Cedella Marley: Passion, skill, and talent are not gender specific
It was an honour to get an insight from Cedella Marley about her passion and dedication to support the Jamaica Women’s National soccer team ‘Reggae Girlz’ as they follow their dream to play at the FIFA Women’s World Cup 2015.
The daughter of music legend Bob Marley, Cedella Marley is an inspirational woman. Not only is she the ambassador to Jamaica Reggae Girlz, she is also a singer, an actress, an author, an entrepreneur, a fashion designer, a philanthropist, and a mother of three.
Just days away from the start of the 2014 CONCACAF Women’s Championship and on the verge of making history, Cedella Marley took the time to speak to Women’s Soccer United.
Women’s Soccer United: When did you first become involved with the Jamaican Women’s National soccer team ‘Reggae Girlz’, who/what inspired your decision?
Cedella Marley: Earlier this year my son brought me a flyer he got from his soccer coach. It was about the Reggae Girlz, but before that I didn’t even know that Jamaica had a women’s team. I looked into it and found out more about their story – the disbanding of the team for 6 years because of funding, the trouble getting sponsors, and the dream these young women have to be the first women’s team from the Caribbean to qualify for the women’s world cup. I am a firm believer that every girl should have the right to go for her dream, so I wanted to see how I could be of help.
WSU: Has soccer always been a big part of your life, in what ways has it influenced your career so far?
Cedella Marley: I grew up watching my father and brothers play soccer. Soccer was one of my dad’s passions and so it’s naturally been a part of my life. As an entertainer fitness, strength, and discipline are just a necessary as they are for an athlete, so many of the lessons that he instilled in me and my siblings came from that.
WSU: You have a hands-on role as the Ambassador to the Jamaican Women’s National Team, can you tell us about any projects you have lined up?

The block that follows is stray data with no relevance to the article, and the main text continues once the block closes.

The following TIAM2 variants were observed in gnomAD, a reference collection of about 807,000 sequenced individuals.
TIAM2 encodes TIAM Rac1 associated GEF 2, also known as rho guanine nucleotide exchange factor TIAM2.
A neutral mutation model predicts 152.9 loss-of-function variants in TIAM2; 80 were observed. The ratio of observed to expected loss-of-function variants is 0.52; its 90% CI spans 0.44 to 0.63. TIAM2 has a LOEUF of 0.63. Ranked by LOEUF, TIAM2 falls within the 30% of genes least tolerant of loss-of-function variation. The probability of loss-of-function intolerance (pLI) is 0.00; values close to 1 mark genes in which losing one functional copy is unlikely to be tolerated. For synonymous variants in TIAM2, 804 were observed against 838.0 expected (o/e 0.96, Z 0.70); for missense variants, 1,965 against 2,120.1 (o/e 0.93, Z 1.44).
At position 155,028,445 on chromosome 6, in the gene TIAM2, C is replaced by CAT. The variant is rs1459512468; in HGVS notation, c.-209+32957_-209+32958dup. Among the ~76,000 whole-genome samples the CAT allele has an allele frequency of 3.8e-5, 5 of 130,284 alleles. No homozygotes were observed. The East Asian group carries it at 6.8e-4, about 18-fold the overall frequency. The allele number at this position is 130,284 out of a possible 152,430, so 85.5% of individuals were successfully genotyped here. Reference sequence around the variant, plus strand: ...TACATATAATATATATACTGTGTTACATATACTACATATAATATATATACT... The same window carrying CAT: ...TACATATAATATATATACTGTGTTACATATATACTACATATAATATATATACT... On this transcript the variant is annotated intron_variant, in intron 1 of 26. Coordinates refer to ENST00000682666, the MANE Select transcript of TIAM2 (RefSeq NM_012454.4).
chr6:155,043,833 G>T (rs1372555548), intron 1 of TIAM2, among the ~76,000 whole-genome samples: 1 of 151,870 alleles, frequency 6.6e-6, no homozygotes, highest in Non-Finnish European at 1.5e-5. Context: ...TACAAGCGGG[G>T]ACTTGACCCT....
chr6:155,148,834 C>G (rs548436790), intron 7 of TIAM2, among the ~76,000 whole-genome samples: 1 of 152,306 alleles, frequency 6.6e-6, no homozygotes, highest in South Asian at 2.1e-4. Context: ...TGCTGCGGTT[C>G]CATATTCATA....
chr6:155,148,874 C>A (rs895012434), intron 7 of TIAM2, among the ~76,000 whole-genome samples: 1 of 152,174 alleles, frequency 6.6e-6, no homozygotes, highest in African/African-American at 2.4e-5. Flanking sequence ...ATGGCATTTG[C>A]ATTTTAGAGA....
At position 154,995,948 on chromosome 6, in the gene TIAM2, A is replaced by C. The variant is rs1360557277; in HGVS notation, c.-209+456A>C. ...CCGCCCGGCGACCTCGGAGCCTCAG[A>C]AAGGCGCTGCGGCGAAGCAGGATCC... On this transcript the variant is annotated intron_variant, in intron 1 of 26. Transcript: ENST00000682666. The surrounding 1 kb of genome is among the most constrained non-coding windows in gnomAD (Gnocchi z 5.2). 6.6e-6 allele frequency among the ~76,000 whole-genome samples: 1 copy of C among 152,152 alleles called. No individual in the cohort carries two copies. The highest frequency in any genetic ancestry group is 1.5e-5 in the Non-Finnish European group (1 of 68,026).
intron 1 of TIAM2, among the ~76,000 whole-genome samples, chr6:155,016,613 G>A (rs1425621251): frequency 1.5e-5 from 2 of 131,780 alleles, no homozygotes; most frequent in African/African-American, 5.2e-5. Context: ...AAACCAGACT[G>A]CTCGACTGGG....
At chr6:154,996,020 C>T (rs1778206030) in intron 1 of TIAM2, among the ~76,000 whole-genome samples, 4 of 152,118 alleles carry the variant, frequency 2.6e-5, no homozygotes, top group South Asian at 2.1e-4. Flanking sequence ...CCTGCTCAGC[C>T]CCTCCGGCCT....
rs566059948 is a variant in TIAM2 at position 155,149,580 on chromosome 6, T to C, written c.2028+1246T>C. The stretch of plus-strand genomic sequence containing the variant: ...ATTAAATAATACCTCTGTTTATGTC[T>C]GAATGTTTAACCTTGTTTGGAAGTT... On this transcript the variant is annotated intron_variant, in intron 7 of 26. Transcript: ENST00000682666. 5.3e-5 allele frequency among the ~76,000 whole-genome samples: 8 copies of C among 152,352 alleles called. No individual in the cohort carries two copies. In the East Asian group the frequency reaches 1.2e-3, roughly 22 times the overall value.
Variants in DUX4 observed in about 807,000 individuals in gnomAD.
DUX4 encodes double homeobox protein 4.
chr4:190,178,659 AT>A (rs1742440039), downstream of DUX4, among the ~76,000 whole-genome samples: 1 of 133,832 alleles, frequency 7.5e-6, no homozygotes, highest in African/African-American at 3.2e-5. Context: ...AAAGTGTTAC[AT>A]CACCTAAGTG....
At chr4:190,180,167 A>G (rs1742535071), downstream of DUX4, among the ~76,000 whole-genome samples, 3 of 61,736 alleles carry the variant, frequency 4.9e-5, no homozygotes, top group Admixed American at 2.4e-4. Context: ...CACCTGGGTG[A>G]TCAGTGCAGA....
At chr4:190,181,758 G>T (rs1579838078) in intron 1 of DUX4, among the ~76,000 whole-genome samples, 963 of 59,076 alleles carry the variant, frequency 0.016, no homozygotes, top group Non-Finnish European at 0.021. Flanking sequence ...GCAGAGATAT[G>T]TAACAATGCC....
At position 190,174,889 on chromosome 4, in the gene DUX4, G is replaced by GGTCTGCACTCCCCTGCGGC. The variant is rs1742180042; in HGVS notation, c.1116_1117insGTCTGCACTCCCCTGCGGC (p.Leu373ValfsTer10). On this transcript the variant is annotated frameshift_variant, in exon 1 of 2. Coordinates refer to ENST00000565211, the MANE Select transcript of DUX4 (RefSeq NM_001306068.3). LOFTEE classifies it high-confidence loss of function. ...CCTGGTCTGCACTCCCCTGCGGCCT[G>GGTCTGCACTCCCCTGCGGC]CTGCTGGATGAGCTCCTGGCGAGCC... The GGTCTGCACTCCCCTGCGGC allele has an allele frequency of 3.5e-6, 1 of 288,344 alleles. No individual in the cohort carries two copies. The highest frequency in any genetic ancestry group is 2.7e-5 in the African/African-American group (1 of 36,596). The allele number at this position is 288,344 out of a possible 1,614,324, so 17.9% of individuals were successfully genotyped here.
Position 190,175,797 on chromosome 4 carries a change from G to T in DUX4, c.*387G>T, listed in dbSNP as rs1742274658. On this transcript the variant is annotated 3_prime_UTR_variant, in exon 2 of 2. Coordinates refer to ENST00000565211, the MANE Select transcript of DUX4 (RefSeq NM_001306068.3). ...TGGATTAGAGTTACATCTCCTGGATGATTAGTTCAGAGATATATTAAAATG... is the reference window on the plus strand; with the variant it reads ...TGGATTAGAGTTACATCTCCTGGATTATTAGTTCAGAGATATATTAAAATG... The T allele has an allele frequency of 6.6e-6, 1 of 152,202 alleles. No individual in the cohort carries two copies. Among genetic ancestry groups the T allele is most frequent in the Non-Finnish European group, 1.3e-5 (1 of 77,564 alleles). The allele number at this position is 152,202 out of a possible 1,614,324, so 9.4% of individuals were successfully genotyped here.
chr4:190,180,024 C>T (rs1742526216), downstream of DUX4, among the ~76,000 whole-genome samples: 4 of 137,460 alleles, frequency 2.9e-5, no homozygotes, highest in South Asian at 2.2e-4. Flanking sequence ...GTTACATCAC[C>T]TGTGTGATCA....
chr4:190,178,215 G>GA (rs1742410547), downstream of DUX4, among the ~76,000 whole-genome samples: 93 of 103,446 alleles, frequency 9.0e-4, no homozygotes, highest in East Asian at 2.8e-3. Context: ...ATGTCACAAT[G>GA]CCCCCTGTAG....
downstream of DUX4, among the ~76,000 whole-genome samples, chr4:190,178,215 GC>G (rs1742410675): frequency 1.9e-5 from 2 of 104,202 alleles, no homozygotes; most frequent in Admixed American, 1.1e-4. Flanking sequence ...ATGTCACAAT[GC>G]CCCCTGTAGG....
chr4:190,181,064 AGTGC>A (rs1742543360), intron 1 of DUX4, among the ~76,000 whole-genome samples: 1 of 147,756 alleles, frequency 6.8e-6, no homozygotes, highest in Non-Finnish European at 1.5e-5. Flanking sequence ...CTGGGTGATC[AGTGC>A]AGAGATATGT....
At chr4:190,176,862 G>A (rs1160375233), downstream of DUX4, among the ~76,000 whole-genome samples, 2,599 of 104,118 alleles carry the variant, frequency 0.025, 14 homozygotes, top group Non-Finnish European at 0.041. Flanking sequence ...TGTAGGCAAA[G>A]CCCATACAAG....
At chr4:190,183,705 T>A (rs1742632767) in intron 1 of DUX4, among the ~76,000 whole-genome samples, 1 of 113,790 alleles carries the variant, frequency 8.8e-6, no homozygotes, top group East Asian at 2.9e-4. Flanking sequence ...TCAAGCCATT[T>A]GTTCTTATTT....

Cedella Marley: The Reggae Girlz project has been a family affair from the very beginning. My brothers Steve and Damian got in the studio with me to record Strike Hard which is the Reggae Girls theme song. We also produced a docu-series that aired in Jamaica this past summer. I have been to all the girlz’ game this far with my family to cheer them on, and that has inspired some other projects that are on the drawing board. I look forward to sharing those when the time comes.
WSU: What have been the main developments for the Reggae Girlz since your involvement, how do you see the squad continue to evolve?
Cedella Marley: The funds and awareness that I have been able to raise have given the Reggae Girlz access to the resources needed to compete at the international level. Extended training camps in both Jamaica and the United States have been key to their growth and development as a team. As the word got out about the team we were also approached by sports trainers, consultants, and physio therapists that have volunteered their services to the program. Jamaica is known for our athletic talents and speed; and it’s been wonderful to see this squad have an opportunity to develop that natural talent more than ever before. The squad has come a long way in the past six months.
WSU: What is the team spirit like in the Jamaica Women’s National Team camp ahead of the 2014 CONCACAF Women’s Championship?
Cedella Marley: There is a level of excitement of course, however the main thing I see with the team and the coaches right now is focus. The mission has always been to get to the Women’s World Cup, and as a unit that vision and dream is what we are focused on.
WSU: What would it mean to become the first Caribbean female team to qualify for a World Cup, what impact would this have on women’s football in Jamaica?
Cedella Marley: The Reggae Boys became the first Caribbean team to qualify for the a world cup back in 1998. The opportunity for the Reggae Girl to do that on the women’s side has the whole country on the edge of their seats. Qualifying would open up many doors for women’s football in Jamaica in terms of funding and validation. There are still those that see football as a men’s sport, and having the women’s team of Jamaica reach the world cup can go a long way to change that mindset.
WSU: One last question, there are many obstacles that many girls around the world have to overcome just to play the sport they love, what would you say to people who object to females playing soccer?
Cedella Marley: I would say that passion, skill, and talent are not gender specific. I got to watch the other women’s teams that played in the CFU, and the female football players go hard. Their game is just as exciting to watch as the men’s game. Every person, male or female, should be able to pursue and develop their natural talent and see how far it can take them. Self-actualization is a built-in desire for every human being.
Don’t miss the Reggae Girlz video highlighting their journey from disbandment to reaching the 2014 CONCACAF Women’s Championship earning the chance to qualify for the FIFA Women’s World Cup 2015! Good luck Reggae Girlz from all of us at WSU.
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